Components Of Reciprocating Compressor

What Is Reciprocating An Compressor?

  • Typically Seen In Commercial And Industrial Settings, A Reciprocating Compressor Is A Mechanical Device Used To Compress Gases. The Gas Is Compressed By Moving A Piston Back And Forth Within A Cylinder, A Technique Known As "Reciprocating Motion".

Parts Of Reciprocating Compressor:

There Are Several Components That Go Into A Functioning Reciprocating Compressor. The Function Of Each Of These Components In Reciprocating Compressor Is Outlined Below:

  1. Cylinders
  2. Piston And Piston Rods
  3. Crank Shaft
  4. Bearings
  5. Connecting Rods
  6. Valves
  7. Lubrication System

1. Cylinders:

  • The Cylinders Of A Reciprocating Compressor Are A Key Component. Separately From Supporting Structure, Process Industry Cylinders May House Both Discharge And Suction Valve Plates.
  • Steel Is Used To Make Smaller, High - Pressure Cylinders, Where As Cast Iron Is Used For Bigger, Lower - Pressure Ones. Steel Is Preferable For Hydrocarbon Service, However Ductile Iron May Be Utilized In Other Situations.
  • Most Cylinders Include Removable Liners To Provide A Renewing Surface And Reduce Wear. When A Cylinder Is Scored, The Expense Of Rebuilding The Whole Unit May Be Avoided By Removing Its Replaceable Surface. 
  • Cylinders Used In Industrial Settings May Include A Water Jacket Or Other Cooling System To Mitigate The High Temperature Generated By The Compression Cycle.

2. Piston And Piston Rod:

  • The Reciprocating Compressor's Piston Is The Mechanical Component Most Responsible For Its Operation. The Piston Transfers Mechanical Energy From The Crankcase To The Gas In The Cylinder And Is Often Made From Lightweight Materials Like Aluminum Or Aluminum Alloys To Decrease Rod Load And Rattling.
  • Piston Often Have Sliding, Self - Lubricating Seals ( Piston Rings ) To Prevent Leakage. The Decrease In Frictional Force Is Another Way That These Rings Aid In Extending The Life Of Moving Parts And Boosting Productivity.
  • The Reciprocating Crosshead Is Transmitted Into The Piston Through The Piston Rod, Which Is Threaded Into The Piston. Alloy Steel Has Long Been The Material Of Choice For Producing This Part. It Has To Have Its Surface Polished And Toughened Wherever It Will Be Going Through The Cylinder Packing.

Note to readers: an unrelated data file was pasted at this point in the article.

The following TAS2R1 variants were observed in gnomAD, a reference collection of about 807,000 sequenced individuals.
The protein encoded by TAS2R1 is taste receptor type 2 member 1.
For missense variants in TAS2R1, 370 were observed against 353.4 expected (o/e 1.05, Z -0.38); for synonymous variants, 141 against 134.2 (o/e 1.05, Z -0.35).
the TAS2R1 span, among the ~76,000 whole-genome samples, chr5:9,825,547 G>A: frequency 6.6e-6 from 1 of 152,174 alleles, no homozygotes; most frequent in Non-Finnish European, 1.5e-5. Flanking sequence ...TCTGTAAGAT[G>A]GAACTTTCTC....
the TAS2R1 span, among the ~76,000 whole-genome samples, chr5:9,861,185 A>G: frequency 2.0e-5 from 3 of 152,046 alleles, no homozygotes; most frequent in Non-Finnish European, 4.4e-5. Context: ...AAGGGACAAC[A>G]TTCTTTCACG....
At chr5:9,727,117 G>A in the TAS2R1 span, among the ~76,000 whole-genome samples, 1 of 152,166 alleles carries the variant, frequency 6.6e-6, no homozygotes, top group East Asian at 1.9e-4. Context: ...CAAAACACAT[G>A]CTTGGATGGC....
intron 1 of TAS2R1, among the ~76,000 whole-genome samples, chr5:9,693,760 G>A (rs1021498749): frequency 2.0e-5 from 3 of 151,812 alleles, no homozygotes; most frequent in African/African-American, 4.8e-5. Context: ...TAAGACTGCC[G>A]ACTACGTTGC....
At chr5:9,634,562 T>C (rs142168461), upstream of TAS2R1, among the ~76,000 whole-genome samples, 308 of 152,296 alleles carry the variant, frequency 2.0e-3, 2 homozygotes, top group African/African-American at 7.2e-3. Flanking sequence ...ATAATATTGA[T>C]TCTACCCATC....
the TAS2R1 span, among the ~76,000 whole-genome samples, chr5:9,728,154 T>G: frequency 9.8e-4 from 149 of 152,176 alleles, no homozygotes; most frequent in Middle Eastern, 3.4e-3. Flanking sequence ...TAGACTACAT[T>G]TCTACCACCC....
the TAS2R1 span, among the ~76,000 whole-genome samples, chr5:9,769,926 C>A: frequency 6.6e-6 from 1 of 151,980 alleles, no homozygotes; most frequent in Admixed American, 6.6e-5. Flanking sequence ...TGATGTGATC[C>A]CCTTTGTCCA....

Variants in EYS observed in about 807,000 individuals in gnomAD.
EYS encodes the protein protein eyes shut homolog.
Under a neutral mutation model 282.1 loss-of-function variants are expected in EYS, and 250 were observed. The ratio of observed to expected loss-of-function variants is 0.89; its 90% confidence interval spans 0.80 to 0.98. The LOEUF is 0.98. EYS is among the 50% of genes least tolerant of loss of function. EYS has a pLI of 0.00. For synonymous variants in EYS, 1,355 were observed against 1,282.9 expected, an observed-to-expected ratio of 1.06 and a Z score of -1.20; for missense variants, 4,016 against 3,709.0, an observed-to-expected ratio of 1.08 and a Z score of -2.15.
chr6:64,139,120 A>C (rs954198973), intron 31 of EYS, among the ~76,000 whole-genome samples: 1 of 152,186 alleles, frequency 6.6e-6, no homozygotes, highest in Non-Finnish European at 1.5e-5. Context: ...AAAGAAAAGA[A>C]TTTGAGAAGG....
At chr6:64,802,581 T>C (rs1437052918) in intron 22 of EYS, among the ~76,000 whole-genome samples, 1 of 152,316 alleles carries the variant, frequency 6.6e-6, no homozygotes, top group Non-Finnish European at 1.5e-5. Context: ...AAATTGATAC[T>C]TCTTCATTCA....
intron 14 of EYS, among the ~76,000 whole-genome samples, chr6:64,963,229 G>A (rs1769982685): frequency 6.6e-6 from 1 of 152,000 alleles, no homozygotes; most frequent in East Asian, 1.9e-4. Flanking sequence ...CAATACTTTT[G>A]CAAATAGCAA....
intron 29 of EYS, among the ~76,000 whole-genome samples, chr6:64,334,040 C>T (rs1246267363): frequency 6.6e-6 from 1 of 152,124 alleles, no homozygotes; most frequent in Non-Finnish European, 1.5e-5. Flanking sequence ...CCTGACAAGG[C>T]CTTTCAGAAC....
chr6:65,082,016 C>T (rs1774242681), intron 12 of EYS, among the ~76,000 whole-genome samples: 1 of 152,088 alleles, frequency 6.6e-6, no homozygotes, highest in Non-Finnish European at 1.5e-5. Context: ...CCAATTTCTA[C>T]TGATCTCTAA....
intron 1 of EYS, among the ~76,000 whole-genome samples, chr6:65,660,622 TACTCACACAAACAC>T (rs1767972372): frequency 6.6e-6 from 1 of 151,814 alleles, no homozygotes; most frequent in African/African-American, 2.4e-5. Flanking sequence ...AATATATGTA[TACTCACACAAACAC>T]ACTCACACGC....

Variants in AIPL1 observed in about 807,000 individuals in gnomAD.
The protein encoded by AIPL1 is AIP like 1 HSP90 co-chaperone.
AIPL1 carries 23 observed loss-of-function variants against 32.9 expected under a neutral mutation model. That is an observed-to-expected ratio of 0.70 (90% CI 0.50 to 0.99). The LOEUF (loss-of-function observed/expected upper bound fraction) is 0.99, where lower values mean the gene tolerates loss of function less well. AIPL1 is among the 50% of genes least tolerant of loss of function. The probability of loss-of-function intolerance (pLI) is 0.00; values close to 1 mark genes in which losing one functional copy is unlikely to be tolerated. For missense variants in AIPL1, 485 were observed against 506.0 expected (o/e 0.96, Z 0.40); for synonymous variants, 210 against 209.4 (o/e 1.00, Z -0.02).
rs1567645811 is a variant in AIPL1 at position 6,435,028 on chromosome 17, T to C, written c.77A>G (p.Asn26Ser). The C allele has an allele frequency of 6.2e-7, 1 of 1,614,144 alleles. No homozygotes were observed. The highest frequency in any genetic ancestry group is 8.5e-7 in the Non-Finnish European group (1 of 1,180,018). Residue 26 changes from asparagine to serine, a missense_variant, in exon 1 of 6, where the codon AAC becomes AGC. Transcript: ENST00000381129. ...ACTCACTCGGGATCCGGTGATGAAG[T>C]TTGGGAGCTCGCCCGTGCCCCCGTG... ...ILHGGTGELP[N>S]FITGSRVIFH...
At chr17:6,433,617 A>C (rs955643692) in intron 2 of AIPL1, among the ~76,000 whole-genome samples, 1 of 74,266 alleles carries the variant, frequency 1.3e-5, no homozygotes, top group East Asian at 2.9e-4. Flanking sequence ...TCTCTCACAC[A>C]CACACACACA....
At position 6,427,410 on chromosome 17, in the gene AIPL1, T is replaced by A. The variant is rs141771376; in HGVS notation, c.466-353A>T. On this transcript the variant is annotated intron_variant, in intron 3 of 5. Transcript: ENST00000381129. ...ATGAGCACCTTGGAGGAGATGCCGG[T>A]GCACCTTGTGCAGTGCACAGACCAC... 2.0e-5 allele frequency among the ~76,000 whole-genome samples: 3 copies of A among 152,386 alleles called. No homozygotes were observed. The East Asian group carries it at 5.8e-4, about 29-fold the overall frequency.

• Premature Wear, Decreased Efficiency, Increased Leakage And Increased Maintenance Costs May All Be Avoided By Sticking Within The Parameters Recommended By The Compressor Manufacturer.

3. CrankShaft:

  • The Crankshaft Of A Reciprocating Compressor Is An Integral Part Of The Machine. It Converts The Rotational Action Of The Compressor's Engine Or Motor Into The Reciprocating Motion Needed To Squeeze Gas Or Air Via Compressor's Piston.
  • The Crankshaft Is A Study Cylinder With Crankpins That Are Offset From One Another. Crankpins Like These Link The Crankshaft To The Connecting Rods, Which In Turn Link The Rods To The Pistons. The Crankpins Offset Design Results In Reciprocating Motion Of The Pistons Inside The Cylinders While The Crankshaft Revolves. 

4. Bearings:

In Reciprocating Compressors, There Are Two Primary Kinds Of Bearings

A). Crankshaft Bearings:

  • The Reciprocating Action Of The Pistons Is Transformed Into Rotational Motion At The Crankshaft, Which Is Supported By A Set Of Bearings. The Crankshaft May Rotate Freely And With Little Resistance Due To The Bearings That Keep It Aligned And In Place. Typically, They Are Built Too Bear Pressure From All Directions.

B). Connecting Rod Bearings: